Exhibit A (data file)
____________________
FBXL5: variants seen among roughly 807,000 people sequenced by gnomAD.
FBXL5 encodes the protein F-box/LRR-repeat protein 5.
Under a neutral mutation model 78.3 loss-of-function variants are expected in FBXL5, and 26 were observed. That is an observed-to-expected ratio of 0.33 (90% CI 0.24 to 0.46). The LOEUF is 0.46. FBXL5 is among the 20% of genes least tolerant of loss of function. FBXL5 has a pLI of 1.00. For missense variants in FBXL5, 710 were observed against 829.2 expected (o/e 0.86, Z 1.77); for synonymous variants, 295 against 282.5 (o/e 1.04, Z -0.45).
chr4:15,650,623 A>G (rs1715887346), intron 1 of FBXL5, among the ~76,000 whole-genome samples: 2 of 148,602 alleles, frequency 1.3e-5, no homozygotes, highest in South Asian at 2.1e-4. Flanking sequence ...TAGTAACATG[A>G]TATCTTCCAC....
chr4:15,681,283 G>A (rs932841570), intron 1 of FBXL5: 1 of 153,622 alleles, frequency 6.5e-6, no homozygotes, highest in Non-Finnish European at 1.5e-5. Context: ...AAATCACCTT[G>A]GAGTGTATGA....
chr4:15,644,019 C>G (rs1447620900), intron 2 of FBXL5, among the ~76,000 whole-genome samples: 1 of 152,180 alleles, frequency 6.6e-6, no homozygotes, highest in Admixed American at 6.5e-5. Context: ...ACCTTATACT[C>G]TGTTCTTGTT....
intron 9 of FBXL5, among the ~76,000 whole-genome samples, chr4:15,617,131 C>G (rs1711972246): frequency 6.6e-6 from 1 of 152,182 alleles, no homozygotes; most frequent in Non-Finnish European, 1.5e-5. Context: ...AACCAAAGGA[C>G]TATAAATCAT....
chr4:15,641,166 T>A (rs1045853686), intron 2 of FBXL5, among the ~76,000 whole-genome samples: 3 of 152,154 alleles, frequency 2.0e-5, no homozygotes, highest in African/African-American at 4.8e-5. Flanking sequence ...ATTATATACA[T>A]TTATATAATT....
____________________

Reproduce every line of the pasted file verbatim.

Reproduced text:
FBXL5: variants seen among roughly 807,000 people sequenced by gnomAD.
FBXL5 encodes the protein F-box/LRR-repeat protein 5.
Under a neutral mutation model 78.3 loss-of-function variants are expected in FBXL5, and 26 were observed. That is an observed-to-expected ratio of 0.33 (90% CI 0.24 to 0.46). The LOEUF is 0.46. FBXL5 is among the 20% of genes least tolerant of loss of function. FBXL5 has a pLI of 1.00. For missense variants in FBXL5, 710 were observed against 829.2 expected (o/e 0.86, Z 1.77); for synonymous variants, 295 against 282.5 (o/e 1.04, Z -0.45).
chr4:15,650,623 A>G (rs1715887346), intron 1 of FBXL5, among the ~76,000 whole-genome samples: 2 of 148,602 alleles, frequency 1.3e-5, no homozygotes, highest in South Asian at 2.1e-4. Flanking sequence ...TAGTAACATG[A>G]TATCTTCCAC....
chr4:15,681,283 G>A (rs932841570), intron 1 of FBXL5: 1 of 153,622 alleles, frequency 6.5e-6, no homozygotes, highest in Non-Finnish European at 1.5e-5. Context: ...AAATCACCTT[G>A]GAGTGTATGA....
chr4:15,644,019 C>G (rs1447620900), intron 2 of FBXL5, among the ~76,000 whole-genome samples: 1 of 152,180 alleles, frequency 6.6e-6, no homozygotes, highest in Admixed American at 6.5e-5. Context: ...ACCTTATACT[C>G]TGTTCTTGTT....
intron 9 of FBXL5, among the ~76,000 whole-genome samples, chr4:15,617,131 C>G (rs1711972246): frequency 6.6e-6 from 1 of 152,182 alleles, no homozygotes; most frequent in Non-Finnish European, 1.5e-5. Context: ...AACCAAAGGA[C>G]TATAAATCAT....
chr4:15,641,166 T>A (rs1045853686), intron 2 of FBXL5, among the ~76,000 whole-genome samples: 3 of 152,154 alleles, frequency 2.0e-5, no homozygotes, highest in African/African-American at 4.8e-5. Flanking sequence ...ATTATATACA[T>A]TTATATAATT....